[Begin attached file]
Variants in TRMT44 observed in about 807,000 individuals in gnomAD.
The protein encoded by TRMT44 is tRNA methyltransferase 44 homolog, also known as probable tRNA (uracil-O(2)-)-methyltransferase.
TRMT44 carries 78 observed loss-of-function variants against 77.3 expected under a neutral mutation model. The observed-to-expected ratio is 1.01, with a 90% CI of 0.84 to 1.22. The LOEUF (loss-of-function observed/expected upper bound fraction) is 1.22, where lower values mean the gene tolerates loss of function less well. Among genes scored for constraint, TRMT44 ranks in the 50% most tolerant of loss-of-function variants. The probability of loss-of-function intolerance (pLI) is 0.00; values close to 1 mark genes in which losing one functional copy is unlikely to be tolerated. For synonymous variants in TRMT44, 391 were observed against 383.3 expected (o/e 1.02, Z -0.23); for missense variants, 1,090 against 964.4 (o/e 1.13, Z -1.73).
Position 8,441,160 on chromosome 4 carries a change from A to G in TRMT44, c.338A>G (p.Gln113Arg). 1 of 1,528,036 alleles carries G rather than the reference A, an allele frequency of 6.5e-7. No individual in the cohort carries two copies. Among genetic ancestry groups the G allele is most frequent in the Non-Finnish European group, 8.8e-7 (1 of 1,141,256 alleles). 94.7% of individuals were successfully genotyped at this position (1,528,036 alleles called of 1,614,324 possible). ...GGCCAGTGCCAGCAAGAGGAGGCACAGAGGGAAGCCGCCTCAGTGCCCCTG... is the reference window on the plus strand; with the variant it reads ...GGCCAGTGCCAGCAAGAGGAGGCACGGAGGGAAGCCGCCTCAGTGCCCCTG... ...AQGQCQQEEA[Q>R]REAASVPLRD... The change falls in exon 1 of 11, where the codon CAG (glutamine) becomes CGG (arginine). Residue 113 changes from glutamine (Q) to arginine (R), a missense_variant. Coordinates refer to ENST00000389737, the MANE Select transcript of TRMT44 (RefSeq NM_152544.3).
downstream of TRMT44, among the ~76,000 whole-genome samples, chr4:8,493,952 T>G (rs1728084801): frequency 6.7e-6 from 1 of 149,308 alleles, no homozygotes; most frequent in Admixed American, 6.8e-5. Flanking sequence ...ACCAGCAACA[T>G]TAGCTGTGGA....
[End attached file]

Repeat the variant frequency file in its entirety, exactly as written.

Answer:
Variants in TRMT44 observed in about 807,000 individuals in gnomAD.
The protein encoded by TRMT44 is tRNA methyltransferase 44 homolog, also known as probable tRNA (uracil-O(2)-)-methyltransferase.
TRMT44 carries 78 observed loss-of-function variants against 77.3 expected under a neutral mutation model. The observed-to-expected ratio is 1.01, with a 90% CI of 0.84 to 1.22. The LOEUF (loss-of-function observed/expected upper bound fraction) is 1.22, where lower values mean the gene tolerates loss of function less well. Among genes scored for constraint, TRMT44 ranks in the 50% most tolerant of loss-of-function variants. The probability of loss-of-function intolerance (pLI) is 0.00; values close to 1 mark genes in which losing one functional copy is unlikely to be tolerated. For synonymous variants in TRMT44, 391 were observed against 383.3 expected (o/e 1.02, Z -0.23); for missense variants, 1,090 against 964.4 (o/e 1.13, Z -1.73).
Position 8,441,160 on chromosome 4 carries a change from A to G in TRMT44, c.338A>G (p.Gln113Arg). 1 of 1,528,036 alleles carries G rather than the reference A, an allele frequency of 6.5e-7. No individual in the cohort carries two copies. Among genetic ancestry groups the G allele is most frequent in the Non-Finnish European group, 8.8e-7 (1 of 1,141,256 alleles). 94.7% of individuals were successfully genotyped at this position (1,528,036 alleles called of 1,614,324 possible). ...GGCCAGTGCCAGCAAGAGGAGGCACAGAGGGAAGCCGCCTCAGTGCCCCTG... is the reference window on the plus strand; with the variant it reads ...GGCCAGTGCCAGCAAGAGGAGGCACGGAGGGAAGCCGCCTCAGTGCCCCTG... ...AQGQCQQEEA[Q>R]REAASVPLRD... The change falls in exon 1 of 11, where the codon CAG (glutamine) becomes CGG (arginine). Residue 113 changes from glutamine (Q) to arginine (R), a missense_variant. Coordinates refer to ENST00000389737, the MANE Select transcript of TRMT44 (RefSeq NM_152544.3).
downstream of TRMT44, among the ~76,000 whole-genome samples, chr4:8,493,952 T>G (rs1728084801): frequency 6.7e-6 from 1 of 149,308 alleles, no homozygotes; most frequent in Admixed American, 6.8e-5. Flanking sequence ...ACCAGCAACA[T>G]TAGCTGTGGA....